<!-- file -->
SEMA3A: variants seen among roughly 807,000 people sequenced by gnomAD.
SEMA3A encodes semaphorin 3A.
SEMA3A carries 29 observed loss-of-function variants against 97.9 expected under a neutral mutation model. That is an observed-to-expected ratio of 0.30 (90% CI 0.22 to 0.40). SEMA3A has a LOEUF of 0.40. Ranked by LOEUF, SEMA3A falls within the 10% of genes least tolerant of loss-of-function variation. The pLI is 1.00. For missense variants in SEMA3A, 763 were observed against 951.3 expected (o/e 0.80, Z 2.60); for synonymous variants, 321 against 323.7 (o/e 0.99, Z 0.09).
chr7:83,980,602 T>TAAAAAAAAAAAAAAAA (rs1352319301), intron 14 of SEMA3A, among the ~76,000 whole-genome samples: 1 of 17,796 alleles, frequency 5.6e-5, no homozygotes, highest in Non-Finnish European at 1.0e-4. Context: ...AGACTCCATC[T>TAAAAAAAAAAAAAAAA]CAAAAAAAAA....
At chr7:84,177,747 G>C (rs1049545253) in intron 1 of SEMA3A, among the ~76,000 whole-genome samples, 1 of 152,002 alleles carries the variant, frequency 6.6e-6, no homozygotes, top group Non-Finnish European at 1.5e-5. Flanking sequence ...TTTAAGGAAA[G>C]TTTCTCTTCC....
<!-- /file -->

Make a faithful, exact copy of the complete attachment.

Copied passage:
SEMA3A: variants seen among roughly 807,000 people sequenced by gnomAD.
SEMA3A encodes semaphorin 3A.
SEMA3A carries 29 observed loss-of-function variants against 97.9 expected under a neutral mutation model. That is an observed-to-expected ratio of 0.30 (90% CI 0.22 to 0.40). SEMA3A has a LOEUF of 0.40. Ranked by LOEUF, SEMA3A falls within the 10% of genes least tolerant of loss-of-function variation. The pLI is 1.00. For missense variants in SEMA3A, 763 were observed against 951.3 expected (o/e 0.80, Z 2.60); for synonymous variants, 321 against 323.7 (o/e 0.99, Z 0.09).
chr7:83,980,602 T>TAAAAAAAAAAAAAAAA (rs1352319301), intron 14 of SEMA3A, among the ~76,000 whole-genome samples: 1 of 17,796 alleles, frequency 5.6e-5, no homozygotes, highest in Non-Finnish European at 1.0e-4. Context: ...AGACTCCATC[T>TAAAAAAAAAAAAAAAA]CAAAAAAAAA....
At chr7:84,177,747 G>C (rs1049545253) in intron 1 of SEMA3A, among the ~76,000 whole-genome samples, 1 of 152,002 alleles carries the variant, frequency 6.6e-6, no homozygotes, top group Non-Finnish European at 1.5e-5. Flanking sequence ...TTTAAGGAAA[G>C]TTTCTCTTCC....